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Nanomaterials database improved to help consumers, scientists track products

October 28, 2013 12:56 pm | by EurekAlert! | News | Comments

Nanomaterials are the heart of the smaller, better electronics developed during the last decade, as well as new materials, medical diagnostics and therapeutics, energy storage, and clean water. However, exposure to nanomaterials may have unintended consequences for human health and the environment.

Creating innovative, precise, and specialized medical equipment enclosures

October 28, 2013 12:19 pm | by Ken Tumblison, President of Buckeye Shapeform | Articles | Comments

Advances in medical technology in the past century alone have made possible what was previously considered unfeasible. Where once certain illnesses caused the deaths of millions worldwide, medical innovation has now eliminated many dreaded diseases.

FAQ: The infrared motion sensor

October 28, 2013 12:08 pm | by Aiman Kiwan, Senior Product Manager, Panasonic Corporation of America | Articles | Comments

Many of the automation systems that increasingly appear in our daily lives have a fundamental need to sense the presence and movement of human beings. Whether that system simply shuts off the lights to save energy at home or triggers an emergency response in a health care facility, accurate motion sensing is a crucial requirement.

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Texas A&M Engineering entrepreneurs among Aggie 100

October 25, 2013 5:07 pm | by Texas A&M UniversityTexas A&M University | News | Comments

The 100 fastest-growing Aggie-owned or Aggie-led businesses in the world were recognized today (Oct. 25) at the 9th Annual Aggie 100 program, sponsored by the Center for New Ventures and Entrepreneurship in the Mays Business School at Texas A&M University. The Aggie 100 focuses on growth as an indicator of job creation, product acceptance and entrepreneurial vision. Of the......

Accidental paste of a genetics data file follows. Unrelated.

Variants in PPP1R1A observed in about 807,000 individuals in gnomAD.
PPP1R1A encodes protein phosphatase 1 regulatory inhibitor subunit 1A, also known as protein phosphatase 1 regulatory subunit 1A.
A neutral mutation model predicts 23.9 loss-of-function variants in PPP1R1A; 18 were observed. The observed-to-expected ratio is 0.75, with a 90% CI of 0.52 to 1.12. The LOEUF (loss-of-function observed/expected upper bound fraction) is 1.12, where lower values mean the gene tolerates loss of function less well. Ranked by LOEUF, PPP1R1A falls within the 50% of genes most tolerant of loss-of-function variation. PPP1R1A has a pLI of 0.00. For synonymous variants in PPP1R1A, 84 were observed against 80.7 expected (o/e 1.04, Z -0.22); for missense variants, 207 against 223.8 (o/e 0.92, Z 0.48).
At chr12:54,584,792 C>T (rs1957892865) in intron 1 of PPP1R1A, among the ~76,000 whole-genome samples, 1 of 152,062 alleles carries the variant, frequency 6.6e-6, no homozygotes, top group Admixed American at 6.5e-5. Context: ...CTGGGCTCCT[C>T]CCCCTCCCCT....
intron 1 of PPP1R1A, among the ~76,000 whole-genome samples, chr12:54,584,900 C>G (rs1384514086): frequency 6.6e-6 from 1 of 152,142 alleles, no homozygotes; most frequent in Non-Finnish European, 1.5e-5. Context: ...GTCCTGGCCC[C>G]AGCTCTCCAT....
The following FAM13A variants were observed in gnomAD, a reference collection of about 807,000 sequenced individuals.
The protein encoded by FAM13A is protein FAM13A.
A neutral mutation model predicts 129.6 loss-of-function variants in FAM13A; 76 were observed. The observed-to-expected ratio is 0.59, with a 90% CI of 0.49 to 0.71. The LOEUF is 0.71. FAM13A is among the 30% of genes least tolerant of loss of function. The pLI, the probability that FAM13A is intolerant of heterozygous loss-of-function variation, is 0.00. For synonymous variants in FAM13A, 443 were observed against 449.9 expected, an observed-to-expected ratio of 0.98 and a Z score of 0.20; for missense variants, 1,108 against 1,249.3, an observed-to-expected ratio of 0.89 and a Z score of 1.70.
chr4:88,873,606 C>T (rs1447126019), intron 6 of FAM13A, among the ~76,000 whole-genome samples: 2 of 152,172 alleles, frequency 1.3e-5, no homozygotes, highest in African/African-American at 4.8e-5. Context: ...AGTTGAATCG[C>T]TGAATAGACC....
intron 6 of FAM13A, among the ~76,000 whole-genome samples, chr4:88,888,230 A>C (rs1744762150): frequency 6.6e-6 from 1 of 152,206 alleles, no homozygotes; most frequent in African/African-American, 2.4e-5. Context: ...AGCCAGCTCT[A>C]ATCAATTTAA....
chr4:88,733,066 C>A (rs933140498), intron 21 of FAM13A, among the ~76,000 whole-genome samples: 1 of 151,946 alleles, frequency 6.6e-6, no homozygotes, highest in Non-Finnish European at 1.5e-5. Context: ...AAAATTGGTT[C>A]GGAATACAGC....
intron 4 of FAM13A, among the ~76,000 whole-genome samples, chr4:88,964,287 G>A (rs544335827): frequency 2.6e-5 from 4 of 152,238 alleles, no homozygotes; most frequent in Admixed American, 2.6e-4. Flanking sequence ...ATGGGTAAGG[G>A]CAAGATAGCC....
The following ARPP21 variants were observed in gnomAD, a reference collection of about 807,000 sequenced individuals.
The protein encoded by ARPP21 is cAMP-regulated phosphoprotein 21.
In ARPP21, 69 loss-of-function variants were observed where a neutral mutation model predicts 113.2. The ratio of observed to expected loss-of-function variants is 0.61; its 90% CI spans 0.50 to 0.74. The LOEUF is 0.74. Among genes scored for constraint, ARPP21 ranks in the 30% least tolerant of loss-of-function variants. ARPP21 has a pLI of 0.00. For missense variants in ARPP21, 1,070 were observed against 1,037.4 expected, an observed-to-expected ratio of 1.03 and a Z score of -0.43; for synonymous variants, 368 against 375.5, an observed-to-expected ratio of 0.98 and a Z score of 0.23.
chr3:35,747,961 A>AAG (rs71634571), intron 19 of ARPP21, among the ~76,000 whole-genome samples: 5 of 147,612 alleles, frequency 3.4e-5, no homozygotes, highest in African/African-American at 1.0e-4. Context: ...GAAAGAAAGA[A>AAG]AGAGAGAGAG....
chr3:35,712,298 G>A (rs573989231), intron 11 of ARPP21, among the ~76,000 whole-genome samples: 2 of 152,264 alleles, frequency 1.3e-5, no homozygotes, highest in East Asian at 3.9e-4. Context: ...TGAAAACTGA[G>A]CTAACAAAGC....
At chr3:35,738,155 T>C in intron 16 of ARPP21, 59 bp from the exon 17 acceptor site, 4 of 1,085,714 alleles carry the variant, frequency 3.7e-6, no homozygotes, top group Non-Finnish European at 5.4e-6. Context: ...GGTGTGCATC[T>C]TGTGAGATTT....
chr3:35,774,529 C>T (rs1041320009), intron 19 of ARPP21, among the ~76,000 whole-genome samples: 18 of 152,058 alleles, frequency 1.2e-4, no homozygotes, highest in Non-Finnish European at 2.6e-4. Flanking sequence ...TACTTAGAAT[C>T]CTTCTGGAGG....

Evaluation kit helps launch Internet of Things (IoT) development

October 24, 2013 4:56 pm | Texas Instruments | Product Releases | Comments

Texas Instruments (TI) announced the MSP430 USB LaunchPad Evaluation Kit and supporting ecosystem of software and support for its portfolio of USB microcontrollers. The MSP-EXP430F5529LP LaunchPad, based on the low power MSP430F5529 microcontroller (MCU), provides engineers and

Solid-state power relay rated for up to 5A continuous load current

October 24, 2013 4:27 pm | Ixys | Product Releases | Comments

The CPC1968 is a single-pole normally open (1-Form-A) solid-state power relay rated for up to 5A continuous load current with a 5°C/W heat sink. The output is constructed with MOSFET switches and photovoltaic die, while the input utilizes a highly efficient GaAIAs infrared LED to provide the optically coupled control.

‘Anklebot’ helps determine ankle stiffness

October 24, 2013 1:03 pm | by Massachusetts Institute of Technology | News | Comments

For most healthy bipeds, the act of walking is seldom given a second thought: One foot follows the other, and the rest of the body falls in line, supported by a system of muscle, tendon, and bones. Upon closer inspection, however, locomotion is less straightforward. In particular, the ankle — the crucial juncture between the leg and the foot...

Bee sting venom can help develop immunity to bee stings

October 24, 2013 12:02 pm | by Yale UniversityYale University | News | Comments

Bee stings can be painful, and for people who are allergic to the bee’s venom, they can be deadly. But a new study from Yale School of Medicine finds that the key toxic component in bee venom — the major allergen — can actually induce immunity and protect against future allergic reactions to the toxin....

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Nuclear technology in your life today

October 24, 2013 12:50 am | by Texas A&M UniversityTexas A&M University | News | Comments